Thursday, March 18, 2010

Which is more violent--the Bible or the Qur'an?

I was glad to hear the story today on NPR regarding Philip Jenkins' take on the violence in the Bible. He argues that the scriptures Christians count as sacred contain plenty of texts that justify violence and have been used from the Crusades to modern White Supremacists to justify violent acts. Where his position will upset people the most concerns his belief that the Bible is more violent than the Qur'an.

Both sacred texts justify violence and both religions have extremist elements who will gladly use these passages to justify their horrible acts. The difference in our current time is that it seems to be occurring more often among certain elements in Islam due to the impact of modern technology and secularism upon traditional cultures in the Islamic world.

I've noted any number of times that the bible has its own violence that it justifies and those verses have been used by Christians for millennia to justify atrocities, but usually I've heard responses from people who wish to declare Islam is inherently evil and inferior to Christianity. They fail to see the danger inherent in all sacred texts that the religious authority they are given can be mixed with violent extremism with horrible consequences.

We Christians should be careful lest we ignore the plank in our own eye when it comes to our use of scriptures.

Grace and Peace,


lneely said...

the authority religious texts is often circular, so who can possibly say with certainty that even the most extreme and violent sects are wrong in their interpretations thereof? i contend that, unless we apply our shared cultural values to the interpretation of those texts, we can't objectively judge one way or the other.

... but cultural values are relative, no? what, then, is "extremism?" furthermore, of what relevance is the quantity of violence in scripture as opposed to the spread of superior cultural values? how do we measure the superiority of one to the other? finally, how are those values spread without... well, violence? even our own culture is rooted in war.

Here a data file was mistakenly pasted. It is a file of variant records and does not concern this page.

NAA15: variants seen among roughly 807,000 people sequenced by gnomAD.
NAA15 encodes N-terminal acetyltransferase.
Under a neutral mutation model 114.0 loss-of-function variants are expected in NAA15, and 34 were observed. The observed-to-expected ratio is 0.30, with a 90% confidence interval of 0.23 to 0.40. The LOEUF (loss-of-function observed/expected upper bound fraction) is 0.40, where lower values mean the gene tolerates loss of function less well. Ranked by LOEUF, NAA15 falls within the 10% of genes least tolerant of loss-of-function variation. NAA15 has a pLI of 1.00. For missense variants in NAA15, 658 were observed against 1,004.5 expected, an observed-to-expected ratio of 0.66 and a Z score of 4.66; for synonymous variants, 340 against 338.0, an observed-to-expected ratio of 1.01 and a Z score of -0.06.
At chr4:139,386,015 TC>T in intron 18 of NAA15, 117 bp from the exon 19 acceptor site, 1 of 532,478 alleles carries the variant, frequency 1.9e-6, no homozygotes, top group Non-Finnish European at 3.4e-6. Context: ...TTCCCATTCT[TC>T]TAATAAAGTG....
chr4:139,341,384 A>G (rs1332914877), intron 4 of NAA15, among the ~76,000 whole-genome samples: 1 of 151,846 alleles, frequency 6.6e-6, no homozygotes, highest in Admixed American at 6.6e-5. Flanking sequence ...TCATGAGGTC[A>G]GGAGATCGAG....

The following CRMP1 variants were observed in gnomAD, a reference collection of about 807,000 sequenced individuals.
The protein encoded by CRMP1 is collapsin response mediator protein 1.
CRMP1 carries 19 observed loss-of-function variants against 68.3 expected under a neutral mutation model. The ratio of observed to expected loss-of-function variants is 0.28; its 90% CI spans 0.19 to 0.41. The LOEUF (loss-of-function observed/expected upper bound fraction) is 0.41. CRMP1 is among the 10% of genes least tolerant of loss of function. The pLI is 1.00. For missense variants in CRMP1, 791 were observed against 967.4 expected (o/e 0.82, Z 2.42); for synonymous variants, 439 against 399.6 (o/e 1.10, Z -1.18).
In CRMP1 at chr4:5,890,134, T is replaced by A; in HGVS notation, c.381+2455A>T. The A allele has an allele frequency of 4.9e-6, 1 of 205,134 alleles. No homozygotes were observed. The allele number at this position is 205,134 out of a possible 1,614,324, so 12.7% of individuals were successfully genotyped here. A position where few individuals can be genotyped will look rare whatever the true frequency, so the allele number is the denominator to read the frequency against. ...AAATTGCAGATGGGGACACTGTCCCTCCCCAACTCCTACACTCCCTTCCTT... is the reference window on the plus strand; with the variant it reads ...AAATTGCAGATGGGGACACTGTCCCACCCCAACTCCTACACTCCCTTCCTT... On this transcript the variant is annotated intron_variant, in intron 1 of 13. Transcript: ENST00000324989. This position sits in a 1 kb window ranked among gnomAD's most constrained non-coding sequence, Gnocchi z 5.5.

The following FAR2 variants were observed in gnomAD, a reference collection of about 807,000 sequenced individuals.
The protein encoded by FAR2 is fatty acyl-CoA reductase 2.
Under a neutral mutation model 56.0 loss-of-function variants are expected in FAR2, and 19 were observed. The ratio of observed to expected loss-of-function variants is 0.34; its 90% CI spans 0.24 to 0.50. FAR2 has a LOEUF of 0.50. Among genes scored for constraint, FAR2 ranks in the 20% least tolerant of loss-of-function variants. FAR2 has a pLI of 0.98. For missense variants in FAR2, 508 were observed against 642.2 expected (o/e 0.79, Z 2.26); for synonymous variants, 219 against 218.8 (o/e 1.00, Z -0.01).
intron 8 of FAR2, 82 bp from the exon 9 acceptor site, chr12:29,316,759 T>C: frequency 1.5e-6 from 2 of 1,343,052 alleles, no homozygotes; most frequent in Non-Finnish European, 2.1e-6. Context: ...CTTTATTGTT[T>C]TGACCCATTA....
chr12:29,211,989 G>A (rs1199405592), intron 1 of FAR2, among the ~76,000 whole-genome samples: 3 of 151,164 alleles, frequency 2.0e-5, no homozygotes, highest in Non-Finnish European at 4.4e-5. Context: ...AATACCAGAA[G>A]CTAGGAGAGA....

*shrug* just some thoughts.

revpeep said...

Often the problem is not that values or modes of interpretation of texts are relative; the problem is that people who make absolute claims about morality or proper belif or "what God says" are often blind to t heir own cultural influences or perspectives. I would argue that a necessary precondition of violence based upon ideology or religious belief is a belief that there is no validity in any other perspective besides the one of the person or group perpetrating the violence.

Perhaps relativity and even circularity are inescapable--I hope not--but perhaps, so I would rather base my own relative circular perspective on scripture (and life?) upon the principle of loving my neighbor as myself and upon the sacrificial and forgiving love exemplified by Jesus. If I'm going to be circular and/or relative, at least I can try to be loving and forgiving and HUMBLE while I'm at it.

lneely said...

i think that's pretty much right, but i don't think i made my point effectively. my point is, i think that comparing the violent content of each book is to approach the issue of religious violence the wrong way, especially when there are much more interesting questions to be answered.

revpeep said...

Agreed--there are certainly more interesting questions than comparing the quantity of violence in sacred texts--such as, why is is that humans continue to use said texts to justify their violence in the first place.

My purpose in posting a link to the story comparing the Qur'an and the Bible was mainly to hold up a mirror to folks in my own religion who demonize Muslims and their text while being unaware of the violence in their own text and tradition.